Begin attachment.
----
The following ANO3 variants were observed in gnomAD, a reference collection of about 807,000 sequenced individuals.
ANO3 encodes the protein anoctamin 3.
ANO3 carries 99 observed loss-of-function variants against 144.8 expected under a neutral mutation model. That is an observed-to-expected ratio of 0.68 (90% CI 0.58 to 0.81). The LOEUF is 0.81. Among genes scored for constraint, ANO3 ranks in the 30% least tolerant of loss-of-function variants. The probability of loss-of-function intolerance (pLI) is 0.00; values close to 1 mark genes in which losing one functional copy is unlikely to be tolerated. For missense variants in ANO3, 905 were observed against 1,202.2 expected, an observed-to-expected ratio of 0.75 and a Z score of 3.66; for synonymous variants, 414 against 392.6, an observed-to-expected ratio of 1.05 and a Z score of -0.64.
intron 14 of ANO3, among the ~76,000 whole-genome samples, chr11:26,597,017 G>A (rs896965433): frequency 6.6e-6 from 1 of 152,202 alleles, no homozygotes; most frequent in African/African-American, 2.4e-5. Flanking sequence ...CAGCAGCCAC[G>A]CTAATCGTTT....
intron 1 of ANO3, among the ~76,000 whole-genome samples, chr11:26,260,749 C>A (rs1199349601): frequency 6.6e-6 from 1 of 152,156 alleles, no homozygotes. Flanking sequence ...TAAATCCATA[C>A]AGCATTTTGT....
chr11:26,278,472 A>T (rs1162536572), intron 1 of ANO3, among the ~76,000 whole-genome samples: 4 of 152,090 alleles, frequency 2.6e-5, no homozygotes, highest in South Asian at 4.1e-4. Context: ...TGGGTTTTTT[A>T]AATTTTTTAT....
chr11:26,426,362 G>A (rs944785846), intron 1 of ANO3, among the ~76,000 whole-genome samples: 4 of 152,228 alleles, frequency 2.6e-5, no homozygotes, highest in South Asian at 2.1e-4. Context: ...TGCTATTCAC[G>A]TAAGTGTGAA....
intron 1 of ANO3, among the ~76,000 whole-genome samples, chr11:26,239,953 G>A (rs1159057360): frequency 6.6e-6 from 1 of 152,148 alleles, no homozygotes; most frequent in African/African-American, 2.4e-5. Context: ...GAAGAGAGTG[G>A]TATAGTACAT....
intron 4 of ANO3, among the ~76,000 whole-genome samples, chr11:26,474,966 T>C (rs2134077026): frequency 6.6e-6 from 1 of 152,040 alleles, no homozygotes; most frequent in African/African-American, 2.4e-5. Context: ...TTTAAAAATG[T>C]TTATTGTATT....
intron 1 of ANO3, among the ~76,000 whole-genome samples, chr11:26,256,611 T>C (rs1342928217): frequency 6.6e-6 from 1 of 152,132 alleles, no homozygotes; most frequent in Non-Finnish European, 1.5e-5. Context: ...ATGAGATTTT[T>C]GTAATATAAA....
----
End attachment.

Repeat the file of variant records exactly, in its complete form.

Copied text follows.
The following ANO3 variants were observed in gnomAD, a reference collection of about 807,000 sequenced individuals.
ANO3 encodes the protein anoctamin 3.
ANO3 carries 99 observed loss-of-function variants against 144.8 expected under a neutral mutation model. That is an observed-to-expected ratio of 0.68 (90% CI 0.58 to 0.81). The LOEUF is 0.81. Among genes scored for constraint, ANO3 ranks in the 30% least tolerant of loss-of-function variants. The probability of loss-of-function intolerance (pLI) is 0.00; values close to 1 mark genes in which losing one functional copy is unlikely to be tolerated. For missense variants in ANO3, 905 were observed against 1,202.2 expected, an observed-to-expected ratio of 0.75 and a Z score of 3.66; for synonymous variants, 414 against 392.6, an observed-to-expected ratio of 1.05 and a Z score of -0.64.
intron 14 of ANO3, among the ~76,000 whole-genome samples, chr11:26,597,017 G>A (rs896965433): frequency 6.6e-6 from 1 of 152,202 alleles, no homozygotes; most frequent in African/African-American, 2.4e-5. Flanking sequence ...CAGCAGCCAC[G>A]CTAATCGTTT....
intron 1 of ANO3, among the ~76,000 whole-genome samples, chr11:26,260,749 C>A (rs1199349601): frequency 6.6e-6 from 1 of 152,156 alleles, no homozygotes. Flanking sequence ...TAAATCCATA[C>A]AGCATTTTGT....
chr11:26,278,472 A>T (rs1162536572), intron 1 of ANO3, among the ~76,000 whole-genome samples: 4 of 152,090 alleles, frequency 2.6e-5, no homozygotes, highest in South Asian at 4.1e-4. Context: ...TGGGTTTTTT[A>T]AATTTTTTAT....
chr11:26,426,362 G>A (rs944785846), intron 1 of ANO3, among the ~76,000 whole-genome samples: 4 of 152,228 alleles, frequency 2.6e-5, no homozygotes, highest in South Asian at 2.1e-4. Context: ...TGCTATTCAC[G>A]TAAGTGTGAA....
intron 1 of ANO3, among the ~76,000 whole-genome samples, chr11:26,239,953 G>A (rs1159057360): frequency 6.6e-6 from 1 of 152,148 alleles, no homozygotes; most frequent in African/African-American, 2.4e-5. Context: ...GAAGAGAGTG[G>A]TATAGTACAT....
intron 4 of ANO3, among the ~76,000 whole-genome samples, chr11:26,474,966 T>C (rs2134077026): frequency 6.6e-6 from 1 of 152,040 alleles, no homozygotes; most frequent in African/African-American, 2.4e-5. Context: ...TTTAAAAATG[T>C]TTATTGTATT....
intron 1 of ANO3, among the ~76,000 whole-genome samples, chr11:26,256,611 T>C (rs1342928217): frequency 6.6e-6 from 1 of 152,132 alleles, no homozygotes; most frequent in Non-Finnish European, 1.5e-5. Context: ...ATGAGATTTT[T>C]GTAATATAAA....